↓ Skip to main content

Syndromic anorectal malformation associated with Holt–Oram syndrome, microcephaly, and bilateral corneal opacity: a case report

Overview of attention for article published in Journal of Medical Case Reports, August 2016
Altmetric Badge

Mentioned by

twitter
1 tweeter

Readers on

mendeley
14 Mendeley
You are seeing a free-to-access but limited selection of the activity Altmetric has collected about this research output. Click here to find out more.
Title
Syndromic anorectal malformation associated with Holt–Oram syndrome, microcephaly, and bilateral corneal opacity: a case report
Published in
Journal of Medical Case Reports, August 2016
DOI 10.1186/s13256-016-1011-7
Pubmed ID
Authors

Usang E. Usang, Thomas U. Agan, Akan W. Inyang, John-Daniel C. Emehute, Itam H. Itam

Abstract

The occurrence of an anorectal malformation with Holt-Oram syndrome, microcephaly, and bilateral corneal opacity is rare and to the best of our knowledge has not previously been reported in the literature. Hence, there is a need to document our experience in this case and learn as much as possible from it. We present the case of a Nigerian female neonate with a postnatal diagnosis of syndromic anorectal malformation associated with Holt-Oram syndrome, microcephaly, and bilateral corneal opacity. The infant had successful staged correction of her anorectal malformation but developed a metastatic Wilms' tumor and died before other corrective procedures could be instituted. An anorectal malformation is here reported to occur with Holt-Oram syndrome, an association that has not been reported previously. To enhance the prognosis and quality of life of children with syndromic anorectal malformation, prenatal ultrasound monitoring of high-risk pregnancies and expertise in prenatal detection of congenital anomalies are invaluable in antenatal care.

Twitter Demographics

The data shown below were collected from the profile of 1 tweeter who shared this research output. Click here to find out more about how the information was compiled.

Mendeley readers

The data shown below were compiled from readership statistics for 14 Mendeley readers of this research output. Click here to see the associated Mendeley record.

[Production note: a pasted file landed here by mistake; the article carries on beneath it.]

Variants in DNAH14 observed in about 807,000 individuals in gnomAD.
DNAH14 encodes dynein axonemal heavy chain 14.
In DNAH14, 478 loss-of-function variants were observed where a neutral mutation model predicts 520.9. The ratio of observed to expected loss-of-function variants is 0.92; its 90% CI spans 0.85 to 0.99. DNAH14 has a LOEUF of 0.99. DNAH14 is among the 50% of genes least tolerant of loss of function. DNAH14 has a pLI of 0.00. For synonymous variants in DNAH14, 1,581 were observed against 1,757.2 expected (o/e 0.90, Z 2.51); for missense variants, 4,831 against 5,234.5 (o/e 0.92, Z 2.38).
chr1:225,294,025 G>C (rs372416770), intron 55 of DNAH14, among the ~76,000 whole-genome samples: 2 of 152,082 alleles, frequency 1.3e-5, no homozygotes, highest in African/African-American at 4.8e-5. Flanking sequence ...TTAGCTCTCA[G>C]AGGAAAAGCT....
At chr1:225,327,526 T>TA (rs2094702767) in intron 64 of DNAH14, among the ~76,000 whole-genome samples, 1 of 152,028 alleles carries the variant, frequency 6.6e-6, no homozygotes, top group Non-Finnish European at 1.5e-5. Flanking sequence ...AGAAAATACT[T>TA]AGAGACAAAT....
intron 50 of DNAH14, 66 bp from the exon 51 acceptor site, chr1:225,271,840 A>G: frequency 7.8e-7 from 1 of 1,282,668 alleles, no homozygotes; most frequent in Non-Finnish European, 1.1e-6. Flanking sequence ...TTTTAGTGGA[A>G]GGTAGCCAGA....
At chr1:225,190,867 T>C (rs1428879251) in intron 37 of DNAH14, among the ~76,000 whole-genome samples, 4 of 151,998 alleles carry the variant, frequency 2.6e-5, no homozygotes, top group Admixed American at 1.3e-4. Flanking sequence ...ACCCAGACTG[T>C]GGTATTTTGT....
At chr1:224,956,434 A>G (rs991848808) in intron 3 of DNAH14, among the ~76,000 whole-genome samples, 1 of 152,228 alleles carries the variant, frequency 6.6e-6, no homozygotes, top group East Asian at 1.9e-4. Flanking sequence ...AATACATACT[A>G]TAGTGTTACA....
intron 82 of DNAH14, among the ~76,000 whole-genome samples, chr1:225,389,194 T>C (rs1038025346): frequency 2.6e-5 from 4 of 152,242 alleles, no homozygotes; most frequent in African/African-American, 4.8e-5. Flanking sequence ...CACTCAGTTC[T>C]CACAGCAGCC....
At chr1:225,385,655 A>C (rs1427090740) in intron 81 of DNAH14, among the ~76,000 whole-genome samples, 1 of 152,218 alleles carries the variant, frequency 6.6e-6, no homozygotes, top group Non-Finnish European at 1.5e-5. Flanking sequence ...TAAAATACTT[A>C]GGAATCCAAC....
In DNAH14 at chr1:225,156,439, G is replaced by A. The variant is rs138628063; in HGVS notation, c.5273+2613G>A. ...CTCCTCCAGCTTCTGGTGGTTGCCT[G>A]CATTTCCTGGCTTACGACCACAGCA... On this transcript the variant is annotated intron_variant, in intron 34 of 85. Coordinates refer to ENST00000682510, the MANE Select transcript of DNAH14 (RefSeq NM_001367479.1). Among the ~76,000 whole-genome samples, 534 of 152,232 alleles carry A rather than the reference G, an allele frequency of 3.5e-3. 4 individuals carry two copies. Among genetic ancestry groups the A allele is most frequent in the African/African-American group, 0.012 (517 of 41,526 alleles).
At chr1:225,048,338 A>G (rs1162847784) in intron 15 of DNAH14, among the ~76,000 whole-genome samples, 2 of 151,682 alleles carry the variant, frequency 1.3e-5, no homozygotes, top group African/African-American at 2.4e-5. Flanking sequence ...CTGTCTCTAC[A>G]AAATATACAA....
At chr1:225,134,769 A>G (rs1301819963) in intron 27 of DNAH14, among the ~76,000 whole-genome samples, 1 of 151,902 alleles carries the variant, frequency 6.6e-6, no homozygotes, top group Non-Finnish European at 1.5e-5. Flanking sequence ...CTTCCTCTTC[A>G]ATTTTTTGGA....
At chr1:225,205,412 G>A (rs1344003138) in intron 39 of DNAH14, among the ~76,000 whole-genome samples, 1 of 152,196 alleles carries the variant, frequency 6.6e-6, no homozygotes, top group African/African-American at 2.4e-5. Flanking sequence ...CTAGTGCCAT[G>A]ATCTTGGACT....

Geographical breakdown

Country Count As %
Unknown 14 100%

Demographic breakdown

Readers by professional status Count As %
Student > Bachelor 4 29%
Student > Master 4 29%
Researcher 2 14%
Unspecified 2 14%
Student > Ph. D. Student 1 7%
Other 1 7%
Readers by discipline Count As %
Medicine and Dentistry 5 36%
Nursing and Health Professions 3 21%
Unspecified 2 14%
Agricultural and Biological Sciences 1 7%
Biochemistry, Genetics and Molecular Biology 1 7%
Other 2 14%

Attention Score in Context

This research output has an Altmetric Attention Score of 1. This is our high-level measure of the quality and quantity of online attention that it has received. This Attention Score, as well as the ranking and number of research outputs shown below, was calculated when the research output was last mentioned on 09 August 2016.
All research outputs
#9,071,166
of 11,329,665 outputs
Outputs from Journal of Medical Case Reports
#934
of 1,684 outputs
Outputs of similar age
#186,403
of 264,861 outputs
Outputs of similar age from Journal of Medical Case Reports
#32
of 77 outputs
Altmetric has tracked 11,329,665 research outputs across all sources so far. This one is in the 11th percentile – i.e., 11% of other outputs scored the same or lower than it.
So far Altmetric has tracked 1,684 research outputs from this source. They receive a mean Attention Score of 3.4. This one is in the 16th percentile – i.e., 16% of its peers scored the same or lower than it.
Older research outputs will score higher simply because they've had more time to accumulate mentions. To account for age we can compare this Altmetric Attention Score to the 264,861 tracked outputs that were published within six weeks on either side of this one in any source. This one is in the 17th percentile – i.e., 17% of its contemporaries scored the same or lower than it.
We're also able to compare this research output to 77 others from the same source and published within six weeks on either side of this one. This one is in the 1st percentile – i.e., 1% of its contemporaries scored the same or lower than it.